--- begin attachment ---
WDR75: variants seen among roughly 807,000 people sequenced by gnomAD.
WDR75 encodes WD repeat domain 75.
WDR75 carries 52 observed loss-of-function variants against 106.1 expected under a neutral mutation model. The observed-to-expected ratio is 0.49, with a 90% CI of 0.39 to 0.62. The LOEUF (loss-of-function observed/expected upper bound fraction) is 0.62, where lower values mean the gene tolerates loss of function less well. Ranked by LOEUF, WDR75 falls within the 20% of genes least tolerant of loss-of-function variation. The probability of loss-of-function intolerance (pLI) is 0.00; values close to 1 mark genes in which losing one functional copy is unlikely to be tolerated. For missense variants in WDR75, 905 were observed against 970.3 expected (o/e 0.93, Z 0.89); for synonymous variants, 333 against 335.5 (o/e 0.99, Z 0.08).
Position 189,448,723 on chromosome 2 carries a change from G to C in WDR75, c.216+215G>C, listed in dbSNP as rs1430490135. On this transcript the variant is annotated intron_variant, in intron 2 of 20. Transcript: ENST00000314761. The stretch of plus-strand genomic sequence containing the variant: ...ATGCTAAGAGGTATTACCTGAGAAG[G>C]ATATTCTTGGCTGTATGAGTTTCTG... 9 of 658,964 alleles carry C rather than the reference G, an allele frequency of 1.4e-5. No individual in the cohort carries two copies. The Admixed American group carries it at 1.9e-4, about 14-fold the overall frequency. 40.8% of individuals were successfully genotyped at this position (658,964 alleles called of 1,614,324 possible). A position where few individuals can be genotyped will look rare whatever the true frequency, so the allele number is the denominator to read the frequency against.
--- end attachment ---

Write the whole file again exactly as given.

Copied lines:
WDR75: variants seen among roughly 807,000 people sequenced by gnomAD.
WDR75 encodes WD repeat domain 75.
WDR75 carries 52 observed loss-of-function variants against 106.1 expected under a neutral mutation model. The observed-to-expected ratio is 0.49, with a 90% CI of 0.39 to 0.62. The LOEUF (loss-of-function observed/expected upper bound fraction) is 0.62, where lower values mean the gene tolerates loss of function less well. Ranked by LOEUF, WDR75 falls within the 20% of genes least tolerant of loss-of-function variation. The probability of loss-of-function intolerance (pLI) is 0.00; values close to 1 mark genes in which losing one functional copy is unlikely to be tolerated. For missense variants in WDR75, 905 were observed against 970.3 expected (o/e 0.93, Z 0.89); for synonymous variants, 333 against 335.5 (o/e 0.99, Z 0.08).
Position 189,448,723 on chromosome 2 carries a change from G to C in WDR75, c.216+215G>C, listed in dbSNP as rs1430490135. On this transcript the variant is annotated intron_variant, in intron 2 of 20. Transcript: ENST00000314761. The stretch of plus-strand genomic sequence containing the variant: ...ATGCTAAGAGGTATTACCTGAGAAG[G>C]ATATTCTTGGCTGTATGAGTTTCTG... 9 of 658,964 alleles carry C rather than the reference G, an allele frequency of 1.4e-5. No individual in the cohort carries two copies. The Admixed American group carries it at 1.9e-4, about 14-fold the overall frequency. 40.8% of individuals were successfully genotyped at this position (658,964 alleles called of 1,614,324 possible). A position where few individuals can be genotyped will look rare whatever the true frequency, so the allele number is the denominator to read the frequency against.